Part A is funded by a tax of 2.9% of earnings paid by employers and workers (1.45 percent each). The health care reform law increases the Medicare payroll tax for hospital insurance for higher-income taxpayers (more than $200,000/individual and $250,000/couple) by 0.9 percentage points, beginning in 2013.
Medicare Part B (Medical Insurance)
The Part B program is voluntary. When enrolling in Medicare, individuals decide whether or not to pay a premium to receive Part B benefits. Part B helps cover medically-necessary services such as doctors’ services, outpatient care, home health services, and other medical services, including some preventive services such as mammography and colorectal screening. The Affordable Care Act added a free annual comprehensive wellness visit and personalized prevention plan to the list of Medicare-covered benefits.
Part B covers ambulance services, clinical laboratory services, durable medical equipment, (DME), outpatient therapies, kidney supplies and services, outpatient mental health care, and diagnostic tests, such as x-rays and magnetic resonance imaging.
The DME benefit includes a broad range of items needed by people with disabilities, such as wheelchairs, augmentative communication devices, and glucose monitors. Medicare’s DME benefit also covers orthotics and prosthetics. These devices are considered medically necessary when they replace or support a body part. Certain medical supplies are also covered as DME, including oxygen, catheters, colostomy supplies, and test strips for people with diabetes. However, “personal convenience” items are not covered. Examples include raised toilet seat, shower/commode wheelchair, grab bars and other safety equipment for the bathroom. Similarly, hearing aids and dentures are not covered.
Medicare eligible individuals pay a Part B premium each month. Most people pay the standard premium amount ($109 per month). Beneficiaries who have higher annual incomes (over $85,000/individual or $170,000/couple) pay a higher Part B premium.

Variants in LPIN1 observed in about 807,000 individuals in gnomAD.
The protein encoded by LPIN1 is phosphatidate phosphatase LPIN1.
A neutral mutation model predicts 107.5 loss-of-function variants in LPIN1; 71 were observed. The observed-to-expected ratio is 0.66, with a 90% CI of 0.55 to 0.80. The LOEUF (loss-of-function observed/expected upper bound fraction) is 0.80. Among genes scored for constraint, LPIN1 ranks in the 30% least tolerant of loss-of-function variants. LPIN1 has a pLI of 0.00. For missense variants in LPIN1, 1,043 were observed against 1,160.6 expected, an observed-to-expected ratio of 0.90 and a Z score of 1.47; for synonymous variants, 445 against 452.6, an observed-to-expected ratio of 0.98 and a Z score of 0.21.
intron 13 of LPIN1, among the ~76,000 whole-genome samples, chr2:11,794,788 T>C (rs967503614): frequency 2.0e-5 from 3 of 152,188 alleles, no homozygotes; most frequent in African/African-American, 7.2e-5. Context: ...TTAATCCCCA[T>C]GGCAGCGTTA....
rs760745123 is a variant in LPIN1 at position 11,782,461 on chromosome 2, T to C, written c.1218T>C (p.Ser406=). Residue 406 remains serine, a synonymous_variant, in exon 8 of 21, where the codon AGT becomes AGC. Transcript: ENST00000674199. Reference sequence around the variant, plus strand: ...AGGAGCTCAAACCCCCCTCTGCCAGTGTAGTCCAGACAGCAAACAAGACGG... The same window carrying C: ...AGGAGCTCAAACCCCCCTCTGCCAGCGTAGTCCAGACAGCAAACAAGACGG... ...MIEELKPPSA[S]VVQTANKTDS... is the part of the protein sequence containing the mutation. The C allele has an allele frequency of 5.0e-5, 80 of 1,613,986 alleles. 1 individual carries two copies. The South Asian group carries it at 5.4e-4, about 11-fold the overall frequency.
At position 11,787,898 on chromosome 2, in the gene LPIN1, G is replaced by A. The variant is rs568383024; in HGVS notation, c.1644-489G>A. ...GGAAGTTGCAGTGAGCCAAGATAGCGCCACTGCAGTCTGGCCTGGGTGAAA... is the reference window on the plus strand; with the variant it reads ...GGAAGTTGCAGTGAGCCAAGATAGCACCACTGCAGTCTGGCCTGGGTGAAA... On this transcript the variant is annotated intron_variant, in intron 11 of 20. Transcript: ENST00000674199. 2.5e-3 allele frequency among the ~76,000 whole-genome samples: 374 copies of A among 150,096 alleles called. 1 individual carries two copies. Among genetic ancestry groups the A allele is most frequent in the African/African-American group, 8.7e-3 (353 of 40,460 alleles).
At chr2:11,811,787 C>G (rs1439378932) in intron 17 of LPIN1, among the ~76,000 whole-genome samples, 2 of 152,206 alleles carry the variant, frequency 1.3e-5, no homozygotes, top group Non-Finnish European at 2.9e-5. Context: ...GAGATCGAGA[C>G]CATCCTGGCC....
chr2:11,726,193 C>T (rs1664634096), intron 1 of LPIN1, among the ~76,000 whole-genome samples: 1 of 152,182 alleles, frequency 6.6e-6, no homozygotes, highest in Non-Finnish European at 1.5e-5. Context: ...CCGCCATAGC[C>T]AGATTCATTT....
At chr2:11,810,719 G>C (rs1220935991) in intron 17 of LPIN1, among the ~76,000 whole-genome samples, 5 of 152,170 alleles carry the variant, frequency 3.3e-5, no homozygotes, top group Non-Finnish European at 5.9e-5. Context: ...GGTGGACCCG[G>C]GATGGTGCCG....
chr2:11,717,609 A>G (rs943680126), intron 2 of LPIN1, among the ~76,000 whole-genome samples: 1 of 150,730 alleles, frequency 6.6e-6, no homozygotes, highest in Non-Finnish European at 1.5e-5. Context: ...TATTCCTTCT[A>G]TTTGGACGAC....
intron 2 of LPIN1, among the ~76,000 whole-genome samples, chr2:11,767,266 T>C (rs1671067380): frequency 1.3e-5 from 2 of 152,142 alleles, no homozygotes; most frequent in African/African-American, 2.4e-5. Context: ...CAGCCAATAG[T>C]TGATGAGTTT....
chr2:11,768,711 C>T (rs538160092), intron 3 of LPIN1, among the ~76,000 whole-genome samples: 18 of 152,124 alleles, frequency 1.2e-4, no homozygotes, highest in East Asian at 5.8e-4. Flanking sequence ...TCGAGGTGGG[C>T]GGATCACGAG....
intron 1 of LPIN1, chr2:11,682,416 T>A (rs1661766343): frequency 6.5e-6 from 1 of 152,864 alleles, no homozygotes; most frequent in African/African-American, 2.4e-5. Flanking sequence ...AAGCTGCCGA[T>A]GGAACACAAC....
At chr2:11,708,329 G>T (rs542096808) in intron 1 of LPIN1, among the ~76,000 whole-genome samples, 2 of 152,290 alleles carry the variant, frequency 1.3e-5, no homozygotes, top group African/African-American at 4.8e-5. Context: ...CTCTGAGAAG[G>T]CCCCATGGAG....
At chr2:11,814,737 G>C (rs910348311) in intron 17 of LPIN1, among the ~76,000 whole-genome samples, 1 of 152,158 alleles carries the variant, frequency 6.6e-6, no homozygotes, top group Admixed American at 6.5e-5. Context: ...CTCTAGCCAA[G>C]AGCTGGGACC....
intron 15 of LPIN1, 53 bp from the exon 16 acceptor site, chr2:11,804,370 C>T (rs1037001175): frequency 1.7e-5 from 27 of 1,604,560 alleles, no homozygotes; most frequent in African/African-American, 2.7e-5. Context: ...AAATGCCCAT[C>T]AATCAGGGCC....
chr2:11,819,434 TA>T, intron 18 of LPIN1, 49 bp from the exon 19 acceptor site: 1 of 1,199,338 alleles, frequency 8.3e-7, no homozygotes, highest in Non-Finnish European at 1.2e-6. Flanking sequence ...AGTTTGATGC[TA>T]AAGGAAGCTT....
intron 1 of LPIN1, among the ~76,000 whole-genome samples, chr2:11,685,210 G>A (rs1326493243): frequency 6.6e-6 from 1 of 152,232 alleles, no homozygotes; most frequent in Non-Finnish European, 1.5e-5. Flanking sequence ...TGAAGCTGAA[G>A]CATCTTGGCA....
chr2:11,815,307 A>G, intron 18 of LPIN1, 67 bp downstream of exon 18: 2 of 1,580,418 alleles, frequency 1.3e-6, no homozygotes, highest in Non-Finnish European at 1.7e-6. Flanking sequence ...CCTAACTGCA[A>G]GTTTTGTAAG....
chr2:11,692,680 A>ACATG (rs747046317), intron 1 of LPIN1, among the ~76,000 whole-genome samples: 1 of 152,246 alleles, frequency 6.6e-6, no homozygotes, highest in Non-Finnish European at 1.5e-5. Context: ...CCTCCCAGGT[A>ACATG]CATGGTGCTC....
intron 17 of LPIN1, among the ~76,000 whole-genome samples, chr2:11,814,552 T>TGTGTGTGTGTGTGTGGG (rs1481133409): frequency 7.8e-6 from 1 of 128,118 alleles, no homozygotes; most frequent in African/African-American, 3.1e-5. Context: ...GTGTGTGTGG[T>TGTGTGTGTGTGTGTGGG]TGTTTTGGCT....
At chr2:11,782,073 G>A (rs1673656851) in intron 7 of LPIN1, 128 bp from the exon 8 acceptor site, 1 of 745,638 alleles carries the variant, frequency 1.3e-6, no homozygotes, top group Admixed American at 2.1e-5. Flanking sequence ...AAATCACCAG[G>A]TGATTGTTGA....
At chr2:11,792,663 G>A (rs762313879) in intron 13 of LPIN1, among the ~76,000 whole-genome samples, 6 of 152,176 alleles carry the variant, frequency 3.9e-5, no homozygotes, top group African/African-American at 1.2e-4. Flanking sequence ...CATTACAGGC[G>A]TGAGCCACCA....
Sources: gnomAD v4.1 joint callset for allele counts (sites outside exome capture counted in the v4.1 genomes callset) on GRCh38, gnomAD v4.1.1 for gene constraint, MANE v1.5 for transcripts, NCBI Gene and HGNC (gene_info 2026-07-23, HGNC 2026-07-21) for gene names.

Medicare Part C (Medicare Advantage)
Eligible individuals have the option to enroll in the Part C program, known as Medicare Advantage, as an alternative to receiving Part A and Part B benefits through traditional Medicare. Individuals enrolled in Medicare Advantage plans are provided hospital and medical coverage and may receive additional coverage, such as vision, hearing, dental, and/or health and wellness programs. Most Medicare Advantage plans include Medicare prescription drug coverage (Part D).
Medicare pays a fixed amount for the enrollee’s care every month to the companies offering Medicare Advantage plans. These companies must follow rules set by Medicare but each plan can charge different out-of-pocket costs and have different rules for how services are provided, such as whether an individual needs a referral to see a specialist or can only go to doctors, facilities, or suppliers that belong to the plan for non‑emergency or non-urgent care. These rules can change each year.
Types of Medicare Advantage Plans:
- Health Maintenance Organization (HMO) Plans
- Preferred Provider Organization (PPO) Plans
- Private Fee-for-Service (PFFS) Plans
- Special Needs Plans (SNP)
- HMO Point of Service (HMOPOS) Plans, which is an HMO plan that allows some services out-of-network for a higher cost
- Medical Savings Account (MSA) Plans, which combines a high deductible health plan with bank deposits that can used to pay for health care services during the year.
Medicare Part D (Prescription Drug Coverage)
Medicare prescription drug coverage is an outpatient benefit established by the Medicare Modernization Act of 2003 (MMA) and launched in 2006. There are two ways to get Medicare prescription drug coverage:
- Prescription Drug Plans (PDPs), which add drug coverage to original Medicare, some Medicare Cost Plans, and some Medicare Private Fee-for-Service Plans; or
- Medicare Advantage prescription drug (MAPD) plans that offer prescription drug coverage. Medicare Advantage Plans with prescription drug coverage are sometimes called “MA-PDs.”
The Part D monthly premium varies by plan and may be adjusted based on income. Many people qualify for help paying for their Medicare prescription drug costs, but may not be aware of it. Most who qualify and join a Medicare drug plan will get 95 percent of their costs covered. The Affordable Care Act sought to narrow the gap in drug coverage, known as the “donut hole,” by 2020.
For additional information, see the Centers for Medicare and Medicaid Services website.